2016 PulpFest Dealer Information

Dec 31, 2015 by

PulpFest_2016_back-160106PulpFest 2016 will have over 100 six-foot tables in its 21,600-square-foot dealers’ room. Wall tables will cost $80 and island tables will be $70. All dealers will also be required to purchase regular four-day memberships for themselves and for any helpers accompanying them to PulpFest. Wall tables and placement within the dealers’ room will be sold on a first-come, first-served basis. The floor-to-ceiling windows at one end of the dealers’ room will limit the availability of wall tables. Please time your registration for the convention accordingly.

For those dealers who will be staying at the Hyatt Regency Columbus, PulpFest is pleased to offer a third table free for every two tables that you rent, a tremendous savings. That’s buy two and get one free to thank you for helping to defray the convention’s substantial costs by staying at the host hotel.

There will be no height restrictions on any tables. Displays will be allowed on tables as long as they can stand safely. Please use common sense and courtesy to design your displays. All members registering as dealers must have material for sale at their tables. If you have any special needs — electrical outlets, a desire to be positioned near certain dealers, unique display requirements, and so on — please let us know when you register. All registered dealers will be profiled in a series of posts that will run on the PulpFest website during the last week of June. We ask that you provide us with a description of the materials that you are planning to sell at the convention and any other information — website address, store location, and so on — that will help our members learn about you.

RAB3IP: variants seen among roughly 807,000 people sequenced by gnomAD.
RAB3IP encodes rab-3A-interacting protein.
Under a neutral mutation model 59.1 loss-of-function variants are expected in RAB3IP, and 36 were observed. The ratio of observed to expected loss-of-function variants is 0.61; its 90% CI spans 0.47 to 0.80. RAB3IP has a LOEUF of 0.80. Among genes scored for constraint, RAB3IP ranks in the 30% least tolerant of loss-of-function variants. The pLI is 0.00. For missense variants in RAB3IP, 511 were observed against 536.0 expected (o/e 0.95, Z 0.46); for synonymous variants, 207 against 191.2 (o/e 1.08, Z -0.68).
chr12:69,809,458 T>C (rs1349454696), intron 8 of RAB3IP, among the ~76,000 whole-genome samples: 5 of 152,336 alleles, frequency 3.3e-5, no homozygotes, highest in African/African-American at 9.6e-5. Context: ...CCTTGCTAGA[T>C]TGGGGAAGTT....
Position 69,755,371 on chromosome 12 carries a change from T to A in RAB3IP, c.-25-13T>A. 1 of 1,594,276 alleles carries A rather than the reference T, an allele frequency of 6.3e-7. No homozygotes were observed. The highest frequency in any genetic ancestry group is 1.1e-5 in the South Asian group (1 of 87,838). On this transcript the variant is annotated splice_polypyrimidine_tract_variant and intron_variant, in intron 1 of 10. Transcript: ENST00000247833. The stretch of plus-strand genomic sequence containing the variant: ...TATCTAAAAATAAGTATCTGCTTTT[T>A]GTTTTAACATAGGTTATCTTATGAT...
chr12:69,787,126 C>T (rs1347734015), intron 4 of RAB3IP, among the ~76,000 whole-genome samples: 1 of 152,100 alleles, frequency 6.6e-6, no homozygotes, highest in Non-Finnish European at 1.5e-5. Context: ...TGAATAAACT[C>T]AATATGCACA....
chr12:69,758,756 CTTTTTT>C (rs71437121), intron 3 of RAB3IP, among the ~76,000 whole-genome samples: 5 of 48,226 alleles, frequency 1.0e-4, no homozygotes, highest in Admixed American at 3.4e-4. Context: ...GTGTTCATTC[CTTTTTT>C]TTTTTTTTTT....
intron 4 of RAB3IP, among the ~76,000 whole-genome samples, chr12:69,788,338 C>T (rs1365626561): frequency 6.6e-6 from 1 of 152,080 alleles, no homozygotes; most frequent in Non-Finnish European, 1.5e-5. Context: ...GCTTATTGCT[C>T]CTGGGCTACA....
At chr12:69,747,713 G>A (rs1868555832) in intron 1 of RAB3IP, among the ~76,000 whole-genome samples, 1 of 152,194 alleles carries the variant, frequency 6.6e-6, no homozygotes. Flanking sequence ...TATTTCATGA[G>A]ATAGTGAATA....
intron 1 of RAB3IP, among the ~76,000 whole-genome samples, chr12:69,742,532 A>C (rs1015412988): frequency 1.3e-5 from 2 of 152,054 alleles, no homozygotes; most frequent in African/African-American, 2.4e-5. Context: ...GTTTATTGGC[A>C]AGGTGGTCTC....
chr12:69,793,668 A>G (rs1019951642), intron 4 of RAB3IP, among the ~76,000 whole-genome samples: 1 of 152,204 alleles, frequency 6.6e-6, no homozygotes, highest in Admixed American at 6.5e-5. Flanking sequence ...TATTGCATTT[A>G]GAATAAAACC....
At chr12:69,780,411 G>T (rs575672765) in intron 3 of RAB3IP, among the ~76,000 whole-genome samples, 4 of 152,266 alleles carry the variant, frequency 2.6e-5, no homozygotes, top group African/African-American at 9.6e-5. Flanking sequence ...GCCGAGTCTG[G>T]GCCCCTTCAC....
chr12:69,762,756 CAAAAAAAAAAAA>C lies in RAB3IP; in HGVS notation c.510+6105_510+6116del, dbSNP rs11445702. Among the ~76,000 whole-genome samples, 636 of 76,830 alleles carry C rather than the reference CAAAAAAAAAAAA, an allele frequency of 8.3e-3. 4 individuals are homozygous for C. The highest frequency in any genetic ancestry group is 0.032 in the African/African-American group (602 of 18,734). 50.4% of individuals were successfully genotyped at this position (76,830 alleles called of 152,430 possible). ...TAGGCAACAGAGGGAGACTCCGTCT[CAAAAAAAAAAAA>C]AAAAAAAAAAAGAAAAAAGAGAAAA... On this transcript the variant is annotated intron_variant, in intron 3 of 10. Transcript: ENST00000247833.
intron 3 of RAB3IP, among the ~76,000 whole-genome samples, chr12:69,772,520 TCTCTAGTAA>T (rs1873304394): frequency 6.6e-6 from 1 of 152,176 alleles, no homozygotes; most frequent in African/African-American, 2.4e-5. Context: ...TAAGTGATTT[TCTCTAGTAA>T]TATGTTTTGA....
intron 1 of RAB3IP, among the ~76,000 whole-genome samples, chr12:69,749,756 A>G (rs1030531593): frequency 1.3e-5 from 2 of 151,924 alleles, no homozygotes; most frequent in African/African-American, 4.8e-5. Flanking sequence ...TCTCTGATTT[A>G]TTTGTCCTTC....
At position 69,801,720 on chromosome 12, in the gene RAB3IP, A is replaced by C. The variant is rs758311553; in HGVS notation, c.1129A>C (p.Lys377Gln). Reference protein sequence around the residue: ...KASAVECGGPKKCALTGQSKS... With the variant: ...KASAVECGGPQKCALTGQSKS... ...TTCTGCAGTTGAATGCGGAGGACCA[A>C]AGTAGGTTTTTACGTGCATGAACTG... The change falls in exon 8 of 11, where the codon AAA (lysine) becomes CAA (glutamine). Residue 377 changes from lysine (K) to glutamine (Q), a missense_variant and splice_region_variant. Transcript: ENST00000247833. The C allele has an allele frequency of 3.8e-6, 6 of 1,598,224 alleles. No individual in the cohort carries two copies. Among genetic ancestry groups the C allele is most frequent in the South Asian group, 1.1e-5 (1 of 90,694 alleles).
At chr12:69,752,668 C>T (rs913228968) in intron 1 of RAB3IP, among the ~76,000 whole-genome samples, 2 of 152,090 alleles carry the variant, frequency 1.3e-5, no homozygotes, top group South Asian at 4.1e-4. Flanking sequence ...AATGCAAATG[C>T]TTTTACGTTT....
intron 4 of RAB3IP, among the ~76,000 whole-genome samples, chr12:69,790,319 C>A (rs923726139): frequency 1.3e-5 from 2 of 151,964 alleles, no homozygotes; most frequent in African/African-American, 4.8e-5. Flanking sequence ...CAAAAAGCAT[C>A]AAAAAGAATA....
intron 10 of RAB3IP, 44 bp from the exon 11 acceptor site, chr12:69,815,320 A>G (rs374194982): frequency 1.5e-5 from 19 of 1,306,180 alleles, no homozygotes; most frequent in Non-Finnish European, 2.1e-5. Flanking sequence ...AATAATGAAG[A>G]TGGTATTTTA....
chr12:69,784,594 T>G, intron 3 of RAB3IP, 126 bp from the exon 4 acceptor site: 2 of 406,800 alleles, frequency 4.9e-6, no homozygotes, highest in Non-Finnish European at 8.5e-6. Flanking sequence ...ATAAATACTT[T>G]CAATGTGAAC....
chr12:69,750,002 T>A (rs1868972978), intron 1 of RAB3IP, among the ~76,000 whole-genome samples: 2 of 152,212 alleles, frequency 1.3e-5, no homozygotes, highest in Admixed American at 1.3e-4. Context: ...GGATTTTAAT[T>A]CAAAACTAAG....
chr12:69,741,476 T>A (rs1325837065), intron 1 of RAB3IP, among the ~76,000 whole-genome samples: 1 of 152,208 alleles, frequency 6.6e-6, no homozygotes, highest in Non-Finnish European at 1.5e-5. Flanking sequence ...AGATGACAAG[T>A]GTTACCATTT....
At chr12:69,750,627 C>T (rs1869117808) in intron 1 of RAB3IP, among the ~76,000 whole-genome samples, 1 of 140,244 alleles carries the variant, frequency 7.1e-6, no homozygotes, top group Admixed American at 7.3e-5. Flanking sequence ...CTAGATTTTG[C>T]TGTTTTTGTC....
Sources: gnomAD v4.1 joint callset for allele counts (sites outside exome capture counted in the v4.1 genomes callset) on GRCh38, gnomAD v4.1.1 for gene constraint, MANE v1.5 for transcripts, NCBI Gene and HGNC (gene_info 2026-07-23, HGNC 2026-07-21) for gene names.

Although the focus of PulpFest 2016 will be pulp magazines and related materials, vintage paperbacks, digests, men’s adventure and true crime magazines, first edition hardcovers, series books, dime novels, original art, Big Little Books, B-movies and serials and related collectibles, old-time-radio shows, and Golden and Silver Age comic books can also be sold. Please remember that PulpFest is not a comic book convention. Sexually explicit material, including PLAYBOY, PENTHOUSE, and OUI, will not be allowed.

Dealer set-up will take place on Thursday, July 21st from 4 – 11 PM. Selling to early-bird shoppers will be allowed on July 21st, beginning at 6 PM and running until 9 PM. The dealers’ room will be open to dealers on Friday, July 22nd, beginning at 9 AM. It will open to all PulpFest members beginning at 10 AM. All dealers are expected to be set up on Thursday evening by 11 PM and be open for business on Friday, July 22nd, at 10 AM. If you are not able to comply, please discuss your needs with convention chairperson Jack Cullers by emailing him at jack@pulpfest.com or writing him at the address noted below.

Please click here to download our 2016 dealer registration form. Our annual dealer newsletter will be available at a later date. To pay for your dealer membership, please see the instructions below.

Payment Instructions

The deadline for advance registrations is Monday, 07/18/16 at 10 PM. To pay for your registration, please send your check or money order to David J. Cullers, 1272 Cheatham Way, Bellbrook, OH 45305 or use our Paypal Order page. If you pay via Paypal, you’ll also have to register via email, providing all of the information required on our registration forms to Jack Cullers at jack@pulpfest.com.